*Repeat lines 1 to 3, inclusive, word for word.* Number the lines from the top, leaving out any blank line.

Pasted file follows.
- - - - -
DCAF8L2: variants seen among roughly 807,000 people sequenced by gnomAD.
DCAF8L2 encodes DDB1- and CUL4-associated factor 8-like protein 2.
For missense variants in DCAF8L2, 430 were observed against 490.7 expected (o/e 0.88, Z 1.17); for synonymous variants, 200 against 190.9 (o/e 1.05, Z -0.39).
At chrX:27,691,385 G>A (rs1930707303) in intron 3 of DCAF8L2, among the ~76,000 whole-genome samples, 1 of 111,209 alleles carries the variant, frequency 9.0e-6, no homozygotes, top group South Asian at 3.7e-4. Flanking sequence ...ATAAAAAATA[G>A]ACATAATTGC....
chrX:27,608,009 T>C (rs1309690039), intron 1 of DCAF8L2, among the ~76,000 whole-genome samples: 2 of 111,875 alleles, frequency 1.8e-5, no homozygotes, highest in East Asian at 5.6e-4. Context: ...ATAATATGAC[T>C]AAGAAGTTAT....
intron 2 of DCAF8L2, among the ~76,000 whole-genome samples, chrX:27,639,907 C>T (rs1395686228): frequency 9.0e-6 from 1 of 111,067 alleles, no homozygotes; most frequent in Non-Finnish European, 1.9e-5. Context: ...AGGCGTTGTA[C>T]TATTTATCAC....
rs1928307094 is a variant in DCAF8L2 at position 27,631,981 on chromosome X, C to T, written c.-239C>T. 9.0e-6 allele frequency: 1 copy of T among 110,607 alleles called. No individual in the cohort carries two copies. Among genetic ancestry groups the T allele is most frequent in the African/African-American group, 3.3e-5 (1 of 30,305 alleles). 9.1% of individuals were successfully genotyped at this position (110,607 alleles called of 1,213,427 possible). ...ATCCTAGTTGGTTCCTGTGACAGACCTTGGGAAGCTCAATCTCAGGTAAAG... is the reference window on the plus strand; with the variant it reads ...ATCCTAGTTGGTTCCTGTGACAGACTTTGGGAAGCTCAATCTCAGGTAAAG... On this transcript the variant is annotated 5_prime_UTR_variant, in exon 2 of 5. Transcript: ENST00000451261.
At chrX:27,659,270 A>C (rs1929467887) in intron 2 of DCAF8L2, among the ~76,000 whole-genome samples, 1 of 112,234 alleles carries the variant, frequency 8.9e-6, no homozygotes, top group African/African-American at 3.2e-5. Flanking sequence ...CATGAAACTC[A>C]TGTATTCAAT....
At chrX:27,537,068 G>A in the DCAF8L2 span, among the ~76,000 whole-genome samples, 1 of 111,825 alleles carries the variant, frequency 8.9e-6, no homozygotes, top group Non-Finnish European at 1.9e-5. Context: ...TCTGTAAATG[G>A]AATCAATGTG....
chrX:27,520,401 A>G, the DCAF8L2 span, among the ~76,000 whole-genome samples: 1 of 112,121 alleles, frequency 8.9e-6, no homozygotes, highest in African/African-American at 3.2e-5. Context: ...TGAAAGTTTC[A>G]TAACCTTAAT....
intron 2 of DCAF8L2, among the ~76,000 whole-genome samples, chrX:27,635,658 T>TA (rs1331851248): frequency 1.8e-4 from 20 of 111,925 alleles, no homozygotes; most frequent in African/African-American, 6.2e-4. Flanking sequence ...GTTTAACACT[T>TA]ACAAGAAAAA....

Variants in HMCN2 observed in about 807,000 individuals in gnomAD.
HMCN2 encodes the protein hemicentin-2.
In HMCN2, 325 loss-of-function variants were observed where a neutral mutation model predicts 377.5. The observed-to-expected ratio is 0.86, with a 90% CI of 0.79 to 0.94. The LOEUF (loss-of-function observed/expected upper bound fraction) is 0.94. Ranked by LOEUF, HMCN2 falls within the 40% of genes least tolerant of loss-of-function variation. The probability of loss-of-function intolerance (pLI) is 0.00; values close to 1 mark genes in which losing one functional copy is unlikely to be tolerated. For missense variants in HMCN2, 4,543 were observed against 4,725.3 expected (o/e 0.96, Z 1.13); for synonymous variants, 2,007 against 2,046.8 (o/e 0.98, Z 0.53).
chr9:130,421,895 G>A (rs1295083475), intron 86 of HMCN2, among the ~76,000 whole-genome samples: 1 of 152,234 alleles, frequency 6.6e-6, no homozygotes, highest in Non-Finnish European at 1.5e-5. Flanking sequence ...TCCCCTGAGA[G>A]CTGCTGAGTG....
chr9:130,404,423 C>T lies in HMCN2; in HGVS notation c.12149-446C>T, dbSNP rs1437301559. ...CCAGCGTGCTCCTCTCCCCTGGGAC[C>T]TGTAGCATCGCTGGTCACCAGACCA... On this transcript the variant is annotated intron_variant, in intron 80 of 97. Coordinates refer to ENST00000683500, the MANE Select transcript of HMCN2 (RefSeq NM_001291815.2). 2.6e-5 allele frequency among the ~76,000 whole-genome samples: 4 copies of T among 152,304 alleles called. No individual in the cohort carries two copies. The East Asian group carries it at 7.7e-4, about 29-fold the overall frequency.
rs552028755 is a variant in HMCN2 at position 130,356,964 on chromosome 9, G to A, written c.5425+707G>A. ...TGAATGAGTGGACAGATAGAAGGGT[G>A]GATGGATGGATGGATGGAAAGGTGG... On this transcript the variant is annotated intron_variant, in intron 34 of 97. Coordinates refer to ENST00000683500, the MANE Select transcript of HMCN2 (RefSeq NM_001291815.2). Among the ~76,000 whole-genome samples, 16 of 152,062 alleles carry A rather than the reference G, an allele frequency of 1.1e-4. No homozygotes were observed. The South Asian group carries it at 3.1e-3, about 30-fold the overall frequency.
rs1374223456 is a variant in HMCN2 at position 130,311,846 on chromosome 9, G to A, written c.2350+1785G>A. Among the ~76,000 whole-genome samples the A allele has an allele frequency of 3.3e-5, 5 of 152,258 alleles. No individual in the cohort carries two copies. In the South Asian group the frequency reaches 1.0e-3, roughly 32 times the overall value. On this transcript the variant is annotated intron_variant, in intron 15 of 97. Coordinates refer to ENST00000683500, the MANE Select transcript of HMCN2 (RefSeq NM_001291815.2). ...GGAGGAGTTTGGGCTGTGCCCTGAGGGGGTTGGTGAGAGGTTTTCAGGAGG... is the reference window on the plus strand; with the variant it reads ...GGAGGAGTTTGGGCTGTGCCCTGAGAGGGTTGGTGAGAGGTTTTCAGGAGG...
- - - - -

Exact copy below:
DCAF8L2: variants seen among roughly 807,000 people sequenced by gnomAD.
DCAF8L2 encodes DDB1- and CUL4-associated factor 8-like protein 2.
For missense variants in DCAF8L2, 430 were observed against 490.7 expected (o/e 0.88, Z 1.17); for synonymous variants, 200 against 190.9 (o/e 1.05, Z -0.39).